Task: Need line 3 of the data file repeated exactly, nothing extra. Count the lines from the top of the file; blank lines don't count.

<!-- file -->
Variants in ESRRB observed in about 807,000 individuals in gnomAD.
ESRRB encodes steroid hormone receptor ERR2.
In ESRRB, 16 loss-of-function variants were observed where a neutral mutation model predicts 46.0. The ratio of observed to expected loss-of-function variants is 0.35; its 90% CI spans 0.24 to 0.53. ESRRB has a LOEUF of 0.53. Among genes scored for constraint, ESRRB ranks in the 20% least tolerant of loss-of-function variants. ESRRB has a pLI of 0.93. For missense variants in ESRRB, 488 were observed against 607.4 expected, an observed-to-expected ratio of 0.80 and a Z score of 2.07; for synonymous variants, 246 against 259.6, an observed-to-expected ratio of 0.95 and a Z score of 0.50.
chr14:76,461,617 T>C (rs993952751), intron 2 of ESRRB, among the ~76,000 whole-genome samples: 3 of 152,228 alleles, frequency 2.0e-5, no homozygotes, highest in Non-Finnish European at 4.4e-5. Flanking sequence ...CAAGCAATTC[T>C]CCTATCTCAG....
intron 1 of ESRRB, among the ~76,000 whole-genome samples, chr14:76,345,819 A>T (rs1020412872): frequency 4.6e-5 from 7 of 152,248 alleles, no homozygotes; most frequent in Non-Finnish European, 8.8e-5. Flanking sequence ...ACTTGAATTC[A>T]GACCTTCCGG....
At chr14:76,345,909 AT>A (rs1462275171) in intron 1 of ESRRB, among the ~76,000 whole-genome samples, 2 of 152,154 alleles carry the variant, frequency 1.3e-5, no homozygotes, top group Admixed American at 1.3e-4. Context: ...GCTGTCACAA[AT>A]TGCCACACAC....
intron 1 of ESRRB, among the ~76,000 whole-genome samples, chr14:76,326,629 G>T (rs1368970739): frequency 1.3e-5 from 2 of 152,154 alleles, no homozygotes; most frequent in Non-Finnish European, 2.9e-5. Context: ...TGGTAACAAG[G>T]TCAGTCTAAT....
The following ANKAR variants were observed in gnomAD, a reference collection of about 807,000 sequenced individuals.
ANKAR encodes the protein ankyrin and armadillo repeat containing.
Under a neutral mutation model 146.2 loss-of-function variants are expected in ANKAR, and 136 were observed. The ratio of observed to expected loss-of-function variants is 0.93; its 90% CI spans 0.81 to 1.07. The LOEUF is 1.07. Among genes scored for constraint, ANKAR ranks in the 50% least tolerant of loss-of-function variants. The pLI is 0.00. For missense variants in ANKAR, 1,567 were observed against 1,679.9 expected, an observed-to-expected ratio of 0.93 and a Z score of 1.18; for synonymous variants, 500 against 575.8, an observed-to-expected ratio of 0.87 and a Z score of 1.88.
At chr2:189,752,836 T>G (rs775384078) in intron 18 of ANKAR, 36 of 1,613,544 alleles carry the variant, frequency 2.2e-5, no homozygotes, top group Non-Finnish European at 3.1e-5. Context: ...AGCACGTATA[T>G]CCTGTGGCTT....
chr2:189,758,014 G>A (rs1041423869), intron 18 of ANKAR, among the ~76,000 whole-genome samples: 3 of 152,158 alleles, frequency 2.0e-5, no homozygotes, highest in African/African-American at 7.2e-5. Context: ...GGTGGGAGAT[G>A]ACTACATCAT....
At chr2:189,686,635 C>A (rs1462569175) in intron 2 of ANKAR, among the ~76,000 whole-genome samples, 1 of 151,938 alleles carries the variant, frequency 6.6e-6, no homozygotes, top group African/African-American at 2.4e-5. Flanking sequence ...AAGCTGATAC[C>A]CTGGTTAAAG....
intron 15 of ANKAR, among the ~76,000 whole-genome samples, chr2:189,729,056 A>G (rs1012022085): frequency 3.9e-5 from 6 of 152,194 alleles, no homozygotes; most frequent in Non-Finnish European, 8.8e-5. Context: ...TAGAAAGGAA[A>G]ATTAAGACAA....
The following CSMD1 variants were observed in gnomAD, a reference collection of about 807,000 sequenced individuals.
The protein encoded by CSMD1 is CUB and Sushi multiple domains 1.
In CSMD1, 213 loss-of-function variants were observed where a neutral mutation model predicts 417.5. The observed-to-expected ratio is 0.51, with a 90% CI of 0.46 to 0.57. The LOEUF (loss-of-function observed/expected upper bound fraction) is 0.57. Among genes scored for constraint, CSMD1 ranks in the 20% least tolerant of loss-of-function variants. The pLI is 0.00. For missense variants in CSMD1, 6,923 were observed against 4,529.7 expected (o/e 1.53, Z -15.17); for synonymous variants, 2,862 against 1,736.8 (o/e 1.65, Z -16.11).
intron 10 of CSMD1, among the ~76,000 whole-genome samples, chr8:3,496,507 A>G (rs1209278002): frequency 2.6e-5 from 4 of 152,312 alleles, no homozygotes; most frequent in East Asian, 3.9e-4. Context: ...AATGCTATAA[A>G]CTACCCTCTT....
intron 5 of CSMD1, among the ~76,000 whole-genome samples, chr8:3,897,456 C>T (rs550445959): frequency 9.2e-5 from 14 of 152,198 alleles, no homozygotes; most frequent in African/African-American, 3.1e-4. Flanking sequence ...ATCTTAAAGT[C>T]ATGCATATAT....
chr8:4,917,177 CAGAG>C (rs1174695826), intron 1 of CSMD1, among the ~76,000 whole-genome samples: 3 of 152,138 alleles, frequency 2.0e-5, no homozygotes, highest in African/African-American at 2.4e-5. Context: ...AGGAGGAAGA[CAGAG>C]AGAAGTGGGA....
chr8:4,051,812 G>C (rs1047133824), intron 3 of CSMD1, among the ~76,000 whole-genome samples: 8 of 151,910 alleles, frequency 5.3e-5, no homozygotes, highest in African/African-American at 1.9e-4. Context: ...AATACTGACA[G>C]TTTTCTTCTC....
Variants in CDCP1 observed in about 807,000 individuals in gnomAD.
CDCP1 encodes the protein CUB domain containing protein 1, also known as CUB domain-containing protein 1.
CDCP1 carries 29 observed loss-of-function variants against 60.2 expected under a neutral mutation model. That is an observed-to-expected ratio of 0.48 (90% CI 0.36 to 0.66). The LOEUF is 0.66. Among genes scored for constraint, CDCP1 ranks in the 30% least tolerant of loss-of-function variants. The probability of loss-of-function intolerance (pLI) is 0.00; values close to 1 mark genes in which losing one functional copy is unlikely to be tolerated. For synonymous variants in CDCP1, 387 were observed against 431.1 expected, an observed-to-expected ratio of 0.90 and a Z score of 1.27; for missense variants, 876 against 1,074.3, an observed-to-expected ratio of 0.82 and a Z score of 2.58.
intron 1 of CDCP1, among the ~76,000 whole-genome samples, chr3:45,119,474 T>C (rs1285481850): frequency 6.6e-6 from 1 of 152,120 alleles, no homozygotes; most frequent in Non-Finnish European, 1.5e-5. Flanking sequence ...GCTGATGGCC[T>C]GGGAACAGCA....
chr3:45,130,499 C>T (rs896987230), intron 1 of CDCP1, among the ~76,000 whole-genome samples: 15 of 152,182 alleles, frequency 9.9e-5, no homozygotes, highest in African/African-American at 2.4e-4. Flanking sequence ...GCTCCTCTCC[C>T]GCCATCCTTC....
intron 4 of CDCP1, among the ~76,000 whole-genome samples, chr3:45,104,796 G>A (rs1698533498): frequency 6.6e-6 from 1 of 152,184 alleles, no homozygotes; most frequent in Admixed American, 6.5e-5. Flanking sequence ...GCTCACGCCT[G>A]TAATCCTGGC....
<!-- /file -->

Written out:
In ESRRB, 16 loss-of-function variants were observed where a neutral mutation model predicts 46.0. The ratio of observed to expected loss-of-function variants is 0.35; its 90% CI spans 0.24 to 0.53. ESRRB has a LOEUF of 0.53. Among genes scored for constraint, ESRRB ranks in the 20% least tolerant of loss-of-function variants. ESRRB has a pLI of 0.93. For missense variants in ESRRB, 488 were observed against 607.4 expected, an observed-to-expected ratio of 0.80 and a Z score of 2.07; for synonymous variants, 246 against 259.6, an observed-to-expected ratio of 0.95 and a Z score of 0.50.